Stairs To The Top and Few Short Retreats
In 1954, he joined Benjamin Graham’s … Read the restRead More
The Dow Jones and what it does for the stock market
The Dow Jones & Company commonly known as the Dow Jones was founded in November 1882. Its founders were Charles Dow, Edward Jones, and Charles Bergstresser. The Dow Jones headquarters are located in New York and the Company was well known due to its publications and other related market statistics.
In 2010, the companies indexes were sold to the CME group. This made the company focus on financial news publication. The company has thirty stocks as we talk. With this, the company is ranked the best selling in the American states.
The price of their 30 stocks is determined by adding them all together and dividing them by a common divisor called the Dow Divisor. It should be noted that the Dow divisor is not static and keeps on changing frequently due to the splits and other related events.
How to invest and start earning in Dow Jones
You first need to research the thirty companies represented by the Dow Jones. This will help you determine whether the companies fit you for investments objectives. You can perform this by consulting the companies investor relations departments, and request a … Read the restRead More
6 Effective Ways To Increase Your Net Worth
People are always concerned about different numbers when it comes to their finances. Nevertheless, the most important number is your net worth. Removing liabilities such as credit card debt and a mortgage from what you owe— checking account balances, investment accounts, retirement funds and house will produce your overall net worth.
Knowing your net worth will help to determine how future wealth can be affected by debt. It will also help to know the actual areas to concentrate on prior to retirement. Lets talk about ways to increase your net worth easily.
There is the possibility to accumulate more net worth when you spend less money. The first step to take at this juncture is to check your current expenses. It is important to know that a couple of dollars there and here can accumulate to a lot of money at the end of the year.
Your future wealth can increase quickly by lowering debt. The first thing to do is determining the highest interest debt. Increasing monthly payments or consolidating payments can help to lower your debt. Pay these debts off as quickly as you can, and … Read the restRead More
1) U.S. Downgrade is basically a ”Political Leader B#tch Slap” (one I think they deserve): Below is an excerpt from Standard & Poor’s (S&P) most recent Sovereign Default Study – the study most applicable for discussing US debt obligations. Notice anything concerning the difference between AAA, AA and A? This is an average cumulative default table – so on average, for instance, the 5-year cumulative default study for BBB-rated debt is 3.97%. THERE IS NO DISCERNIBLE DEFAULT FREQUENCY or frequency variation around any sovereign debt rated above A. Thus, S&P’s own study shows no default variation differential between AAA & A. The fact that the US is AA+ or A- is completely qualitative and arbitrary relative to historical default data. This means that the market will continue to view the U.S. as effectively AAA because the downgrade has nothing to do with statistics and models. BUT, it has everything to do with telling the U.S. Leaders that they screwed up so bad that a subjective over-ride of their debt rating model is warranted given the government’s inability to balance the budget and create a budget surplus, control spending (and its general failure investing money).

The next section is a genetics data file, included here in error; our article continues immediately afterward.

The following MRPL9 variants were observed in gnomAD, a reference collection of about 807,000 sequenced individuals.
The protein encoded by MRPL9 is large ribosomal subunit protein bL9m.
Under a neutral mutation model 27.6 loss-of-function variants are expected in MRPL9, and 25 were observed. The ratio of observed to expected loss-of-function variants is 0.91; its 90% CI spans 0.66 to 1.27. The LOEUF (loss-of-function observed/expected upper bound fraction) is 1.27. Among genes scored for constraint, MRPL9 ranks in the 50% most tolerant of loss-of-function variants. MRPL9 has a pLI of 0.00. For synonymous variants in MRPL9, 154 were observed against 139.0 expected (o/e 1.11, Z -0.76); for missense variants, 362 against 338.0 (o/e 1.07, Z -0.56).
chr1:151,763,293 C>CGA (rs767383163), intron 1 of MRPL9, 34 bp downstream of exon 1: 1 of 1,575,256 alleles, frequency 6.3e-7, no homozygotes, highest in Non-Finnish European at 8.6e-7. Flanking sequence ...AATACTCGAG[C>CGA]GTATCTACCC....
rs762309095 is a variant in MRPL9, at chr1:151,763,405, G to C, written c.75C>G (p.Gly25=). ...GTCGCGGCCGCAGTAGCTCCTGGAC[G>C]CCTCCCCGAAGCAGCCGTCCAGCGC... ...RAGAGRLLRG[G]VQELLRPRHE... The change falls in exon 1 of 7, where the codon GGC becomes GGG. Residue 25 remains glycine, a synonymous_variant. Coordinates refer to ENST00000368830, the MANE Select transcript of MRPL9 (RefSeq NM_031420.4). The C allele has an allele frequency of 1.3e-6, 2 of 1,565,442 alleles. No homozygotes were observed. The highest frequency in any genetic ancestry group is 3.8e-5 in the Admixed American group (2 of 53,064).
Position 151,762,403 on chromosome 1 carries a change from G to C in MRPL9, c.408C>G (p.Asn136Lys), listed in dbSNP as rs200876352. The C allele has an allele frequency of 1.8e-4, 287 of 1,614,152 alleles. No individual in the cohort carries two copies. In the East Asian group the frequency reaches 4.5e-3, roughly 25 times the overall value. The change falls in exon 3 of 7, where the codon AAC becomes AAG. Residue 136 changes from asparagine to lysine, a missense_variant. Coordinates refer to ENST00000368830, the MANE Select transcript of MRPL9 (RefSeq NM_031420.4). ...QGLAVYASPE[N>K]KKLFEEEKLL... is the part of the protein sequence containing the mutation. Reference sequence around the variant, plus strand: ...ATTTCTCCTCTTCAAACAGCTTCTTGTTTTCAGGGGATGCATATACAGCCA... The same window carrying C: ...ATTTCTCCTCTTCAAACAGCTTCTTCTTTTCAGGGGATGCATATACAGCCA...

2) 10-year Treasury Yields of … Read the restRead More
Yesterday, LinkedIn (LNKD), the online professional networking service, priced a secondary offering of 8.8 million shares at $71 per share after reporting its first quarterly loss since its IPO back in May 2011.
So let’s review some numbers here because I am having a tough time with this one.
As of September 30, the company’s last 12-months (LTM) Revenues were $435MM and LTM Net Income of just over $10MM. With add-backs from depreciation and amortization the company generated Earnings-before-interest-taxes-depreciation-amortization (EBITDA) of about $25MM.
LinkedIn’s May IPO raised $352.8 million for the company ($248 million in net proceeds) and and as of September 30, the company still has $387MM in cash and short-term investments on its balance sheet and no real debt.
LinkedIn offers three major products
- Hiring Solutions: Revenue derived primarily from the sale of LinkedIn Corporate Solutions and LinkedIn Jobs products, selling LinkedIn Jobs on their website to enterprises and professional organizations.
- Marketing Solutions: Revenue derived primarily from fees received from marketers, principally advertising agencies, direct advertisers and user created ads that are displayed on their website.
- Premium Subscriptions: Revenue derived primarily from online sales of our Business, Business Plus and Executive subscription products. These are monthly
I love Christmas, it is great time of the year! The parties, the celebration, giving, receiving, seeing friends and family, in my eyes this is what life is all about: connecting with the most important people in your life.
Here are 10 Reasons that I love Christmas PLUS, 5 Reasons to love Christmas even if you do not celebrate Christmas.
- Giving to others ALWAYS makes me feel great! This year out picked out cool gifts (in my humble opinion) for my little nieces and I can’t wait to watch them tear open the presents. Makes you feel like a kid again just watching…
- Seeing people I love (including my cute wife). This is really great, the whole family gets together and celebrates each other, not just the formal Christmas/religious events. Connecting with my friends and family is very important and what better way to do it then over some egg nog and gift giving!
- Spending Money! You heard me right, spending money. As many of my regular readers know I am a saver, I like to save, I like to budget, I like to make sure I save enough and then double-check that I am saving enough. But at Christmas